Navigation, especially in aviation, has been plagued since its inception with the hazards ofpoor visibility conditions. Vehicular ground movement is also hampered at night or in low visibility even with night vision augmentation because of the lack of contrast and depth perception. For landing aircraft in fog, the visible and near-infrared have been discounted because of the large backscatter coefficients in favor of primarily radar that penetrates waterladen atmospheres. Aircraft outfitted with an Instrumentation Landing System (ILS) can land safely on an aircraft carrier in fog. Landing at an airport with an ILS is not safe because there is no way to detect small-scale obstacles that do not show up on radar but can cause a landing crash. We have developed and tested a technique to improve navigation through fog based on chopped active visible laser illumination and wide baseline stereo (hyperstereo) viewing with real-time image correction of backscatter radiation and forward scattering blur. The basis of the approach to developing this active hyperstereo vision system for landing aircraft in fog is outlined in the invention disclosure ofthe Army Research Laboratory (ARL) patent application ARL-97-72, filed Dec. 1997. Testing this concept required a matched pair of laser illuminators and cameras with synchronized choppers, a computer for near real-time acquisition and analysis of the hyperstereo imagery with ancillary stereo display goggles, a set of specular reflectors, and a fog generator/characterizer. The basic concept of active hyperstereo vision is to compare the imagery obtained from alternate wings ofthe aircraft while illuminating only from the opposite wing. This produces images with a backscatter radiation pattern that has an increasing gradient towards the side with the illumination source. Flipping the imagery from one wing left to right and comparing it to the opposite wing imagery will allow the backscattered radiation pattern to be subtracted from both sets of imagery. Use of specular reflectors along the sides of the runway will allow the human stereo fusion process to fuse the forward scatter blurred hyperstereo imagery of the array of specular reflectors with backscatter eliminated and allow the appropriate amount of inverse point spread function deblurring to be applied for optimum resolution of scene content (i.e., obstacles on the runway). Results of this testing will be shown.
Off-road mobility at night is a critical factor in modern military operations. Soldiers traversing off-road terrain, both on foot and in combat vehicles, often use 2D viewing devices (such as a driver's thermal viewer, or biocular or monocular night-vision goggles) for tactical mobility under low-light conditions. Perceptual errors can occur when 2D displays fail to convey adequately the contours of terrain. Some off-road driving accidents have been attributed to inadequate perception of terrain features due to using 2D displays (which do not provide binocular-parallax cues to depth perception). In this study, photographic images of terrain scenes were presented first in conventional 2D video, and then in stereoscopic 3D video. The percentage of possible correct answers for 2D and 3D were: 2D pretest equals 52%, 3D pretest equals 80%, 2D posttest equals 48%, 3D posttest equals 78%. Other recent studies conducted at the US Army Research Laboratory's Human Research and Engineering Directorate also show that stereoscopic 3D displays can significantly improve visual evaluation of terrain features, and thus may improve the safety and effectiveness of military off-road mobility operation, both on foot and in combat vehicles.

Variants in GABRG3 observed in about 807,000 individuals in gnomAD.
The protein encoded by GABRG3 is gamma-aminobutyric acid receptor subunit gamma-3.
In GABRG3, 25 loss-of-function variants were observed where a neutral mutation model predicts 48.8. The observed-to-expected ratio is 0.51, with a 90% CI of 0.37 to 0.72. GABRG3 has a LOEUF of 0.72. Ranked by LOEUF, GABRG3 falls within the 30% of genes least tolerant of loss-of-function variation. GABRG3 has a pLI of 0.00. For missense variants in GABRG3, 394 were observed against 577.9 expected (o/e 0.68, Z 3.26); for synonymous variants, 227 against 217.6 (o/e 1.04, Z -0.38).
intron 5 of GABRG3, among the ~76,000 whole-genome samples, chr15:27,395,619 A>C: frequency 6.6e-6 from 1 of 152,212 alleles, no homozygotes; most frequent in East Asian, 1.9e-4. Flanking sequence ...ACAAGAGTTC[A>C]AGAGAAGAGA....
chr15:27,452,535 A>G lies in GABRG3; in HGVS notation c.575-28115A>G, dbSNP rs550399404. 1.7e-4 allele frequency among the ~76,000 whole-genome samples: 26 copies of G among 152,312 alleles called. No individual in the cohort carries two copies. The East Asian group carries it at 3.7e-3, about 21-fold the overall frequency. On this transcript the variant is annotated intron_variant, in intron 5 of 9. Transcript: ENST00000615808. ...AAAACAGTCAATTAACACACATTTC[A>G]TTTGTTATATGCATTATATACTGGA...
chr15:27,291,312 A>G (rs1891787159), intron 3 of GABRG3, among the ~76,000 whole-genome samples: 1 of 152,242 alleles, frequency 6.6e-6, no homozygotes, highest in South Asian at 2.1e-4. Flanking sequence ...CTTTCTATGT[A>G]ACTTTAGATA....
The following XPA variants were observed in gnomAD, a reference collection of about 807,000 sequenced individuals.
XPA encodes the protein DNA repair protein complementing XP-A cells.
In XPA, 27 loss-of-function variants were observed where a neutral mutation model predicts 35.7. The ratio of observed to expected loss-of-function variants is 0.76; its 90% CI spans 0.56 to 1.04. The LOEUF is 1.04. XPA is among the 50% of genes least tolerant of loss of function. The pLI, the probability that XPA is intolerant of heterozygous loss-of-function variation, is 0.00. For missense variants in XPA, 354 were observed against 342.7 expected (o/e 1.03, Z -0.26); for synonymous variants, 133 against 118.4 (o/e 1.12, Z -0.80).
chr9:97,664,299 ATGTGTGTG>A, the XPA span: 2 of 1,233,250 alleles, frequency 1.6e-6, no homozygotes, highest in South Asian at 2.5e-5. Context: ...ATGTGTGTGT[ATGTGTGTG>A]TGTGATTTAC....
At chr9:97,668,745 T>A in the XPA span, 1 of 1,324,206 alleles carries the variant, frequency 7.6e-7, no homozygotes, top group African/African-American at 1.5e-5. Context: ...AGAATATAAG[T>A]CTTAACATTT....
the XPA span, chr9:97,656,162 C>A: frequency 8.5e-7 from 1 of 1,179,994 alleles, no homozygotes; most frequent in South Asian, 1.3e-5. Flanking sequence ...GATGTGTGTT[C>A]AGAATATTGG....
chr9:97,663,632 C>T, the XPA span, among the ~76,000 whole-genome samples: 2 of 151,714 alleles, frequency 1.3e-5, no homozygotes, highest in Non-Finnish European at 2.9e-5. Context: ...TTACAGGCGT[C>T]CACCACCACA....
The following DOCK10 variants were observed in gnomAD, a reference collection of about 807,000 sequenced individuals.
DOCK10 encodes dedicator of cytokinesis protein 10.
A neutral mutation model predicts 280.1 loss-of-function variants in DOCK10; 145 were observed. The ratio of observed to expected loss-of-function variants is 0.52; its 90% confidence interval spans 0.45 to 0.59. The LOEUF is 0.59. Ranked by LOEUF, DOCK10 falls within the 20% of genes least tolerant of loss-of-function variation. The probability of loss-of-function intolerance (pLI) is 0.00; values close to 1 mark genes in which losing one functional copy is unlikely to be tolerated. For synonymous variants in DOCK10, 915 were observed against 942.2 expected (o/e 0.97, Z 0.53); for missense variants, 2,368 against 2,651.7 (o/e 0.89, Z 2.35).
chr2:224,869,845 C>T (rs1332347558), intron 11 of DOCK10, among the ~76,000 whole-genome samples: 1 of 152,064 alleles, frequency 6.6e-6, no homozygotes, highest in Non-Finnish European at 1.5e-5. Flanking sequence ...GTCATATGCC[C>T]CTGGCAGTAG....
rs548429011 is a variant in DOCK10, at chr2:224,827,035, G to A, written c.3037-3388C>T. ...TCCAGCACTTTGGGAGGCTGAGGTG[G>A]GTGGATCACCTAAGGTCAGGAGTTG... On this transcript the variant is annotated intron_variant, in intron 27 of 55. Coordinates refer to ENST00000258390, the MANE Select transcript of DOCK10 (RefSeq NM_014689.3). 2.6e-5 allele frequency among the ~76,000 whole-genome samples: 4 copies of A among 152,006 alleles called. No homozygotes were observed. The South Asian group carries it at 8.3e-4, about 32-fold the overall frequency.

It has been shown that people consistently underestimate distances between objects in the depth direction as compared to the lateral direction. This study examined the use of artificially enhanced stereopsis (hyperstereopsis) in judging relative distances. The data showed that doubling interocular distance by means of a telestereoscope reduced the illusory compression of depth: subjects who viewed the scene without the telestereoscope averaged a depth compression of 0.28. Subjects who used the telestereoscope yielded an average compression of 0.40. Individual verbal self-reports of depth compression effects were unreliable, pointing out the value of quantitative experimental methods.
This study explores the research hypothesis that perceptual learning could occur with visual exposure to a repeating alternation between 2-D vs 3-D video images of terrain hazards typically encountered in off-road driving of ground vehicles. In individual sessions, each of the nine untrained test subjects was shown 20 off-road terrain-hazard scenes on a color video display. Each hazard was shown first in 2-D mode, then in 3-D mode, and then with 2-D/3-D mode alternating on the video screen. In 2-D mode, only one of the 20 terrain hazards was perceived by two of the nine subjects, whereas all 20 terrain hazards were immediately perceived by all subjects when the display switched over to 3-D mode. A post-test presented mirror-image versions of the same 20 hazards in 2-D only, to determine if the previous 2-D/3- D alternation treatment improved the ability to detect terrain hazards in 2-D mode. At the end of their session, test subjects were given a questionnaire asking them to rate the degree of perceptual training resulting from 2-D/3-D alternation. All 20 subjects reported that the 2-D/3- D alternation improved their sensitivity to the monocular cues of terrain hazards presented on a 2-D video display. The implications that can be drawn from this preliminary study are: (1) in off-road driving by means of a conventional 2-D video display, operators will fail to perceive many significant terrain hazards; (2) however, with a 3-D video display, operators will immediately perceive most terrain hazards and will interpret terrain contours easily and accurately; (3) a more extensive experiment is indicated to formally determine the extent of the perceptual training that can be obtained by 2-D/3-D alternation.